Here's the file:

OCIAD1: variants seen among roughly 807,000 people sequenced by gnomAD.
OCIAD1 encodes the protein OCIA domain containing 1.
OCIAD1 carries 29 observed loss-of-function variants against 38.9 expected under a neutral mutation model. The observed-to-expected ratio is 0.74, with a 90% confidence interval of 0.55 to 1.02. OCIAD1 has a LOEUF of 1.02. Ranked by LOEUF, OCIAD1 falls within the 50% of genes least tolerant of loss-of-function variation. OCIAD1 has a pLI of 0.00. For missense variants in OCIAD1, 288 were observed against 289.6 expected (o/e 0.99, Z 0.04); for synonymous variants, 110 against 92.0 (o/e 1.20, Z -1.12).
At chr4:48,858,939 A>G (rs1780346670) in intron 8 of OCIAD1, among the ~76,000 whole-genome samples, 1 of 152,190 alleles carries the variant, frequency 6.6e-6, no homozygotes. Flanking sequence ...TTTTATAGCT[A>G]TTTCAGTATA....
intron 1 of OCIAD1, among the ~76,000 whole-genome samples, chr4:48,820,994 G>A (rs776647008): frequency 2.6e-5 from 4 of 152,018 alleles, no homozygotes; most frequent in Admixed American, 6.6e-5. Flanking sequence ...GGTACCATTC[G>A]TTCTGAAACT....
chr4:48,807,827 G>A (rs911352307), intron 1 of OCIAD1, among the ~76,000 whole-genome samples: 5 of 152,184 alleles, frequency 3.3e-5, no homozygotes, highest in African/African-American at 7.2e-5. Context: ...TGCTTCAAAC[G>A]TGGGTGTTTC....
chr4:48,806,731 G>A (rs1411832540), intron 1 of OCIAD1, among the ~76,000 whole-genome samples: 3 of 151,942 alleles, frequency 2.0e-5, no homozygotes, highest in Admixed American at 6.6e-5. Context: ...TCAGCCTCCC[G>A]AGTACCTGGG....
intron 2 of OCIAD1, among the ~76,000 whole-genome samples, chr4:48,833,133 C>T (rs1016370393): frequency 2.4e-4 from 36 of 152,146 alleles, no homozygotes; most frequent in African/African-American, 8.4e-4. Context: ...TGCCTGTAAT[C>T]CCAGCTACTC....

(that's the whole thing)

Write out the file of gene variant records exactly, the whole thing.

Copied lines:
OCIAD1: variants seen among roughly 807,000 people sequenced by gnomAD.
OCIAD1 encodes the protein OCIA domain containing 1.
OCIAD1 carries 29 observed loss-of-function variants against 38.9 expected under a neutral mutation model. The observed-to-expected ratio is 0.74, with a 90% confidence interval of 0.55 to 1.02. OCIAD1 has a LOEUF of 1.02. Ranked by LOEUF, OCIAD1 falls within the 50% of genes least tolerant of loss-of-function variation. OCIAD1 has a pLI of 0.00. For missense variants in OCIAD1, 288 were observed against 289.6 expected (o/e 0.99, Z 0.04); for synonymous variants, 110 against 92.0 (o/e 1.20, Z -1.12).
At chr4:48,858,939 A>G (rs1780346670) in intron 8 of OCIAD1, among the ~76,000 whole-genome samples, 1 of 152,190 alleles carries the variant, frequency 6.6e-6, no homozygotes. Flanking sequence ...TTTTATAGCT[A>G]TTTCAGTATA....
intron 1 of OCIAD1, among the ~76,000 whole-genome samples, chr4:48,820,994 G>A (rs776647008): frequency 2.6e-5 from 4 of 152,018 alleles, no homozygotes; most frequent in Admixed American, 6.6e-5. Flanking sequence ...GGTACCATTC[G>A]TTCTGAAACT....
chr4:48,807,827 G>A (rs911352307), intron 1 of OCIAD1, among the ~76,000 whole-genome samples: 5 of 152,184 alleles, frequency 3.3e-5, no homozygotes, highest in African/African-American at 7.2e-5. Context: ...TGCTTCAAAC[G>A]TGGGTGTTTC....
chr4:48,806,731 G>A (rs1411832540), intron 1 of OCIAD1, among the ~76,000 whole-genome samples: 3 of 151,942 alleles, frequency 2.0e-5, no homozygotes, highest in Admixed American at 6.6e-5. Context: ...TCAGCCTCCC[G>A]AGTACCTGGG....
intron 2 of OCIAD1, among the ~76,000 whole-genome samples, chr4:48,833,133 C>T (rs1016370393): frequency 2.4e-4 from 36 of 152,146 alleles, no homozygotes; most frequent in African/African-American, 8.4e-4. Context: ...TGCCTGTAAT[C>T]CCAGCTACTC....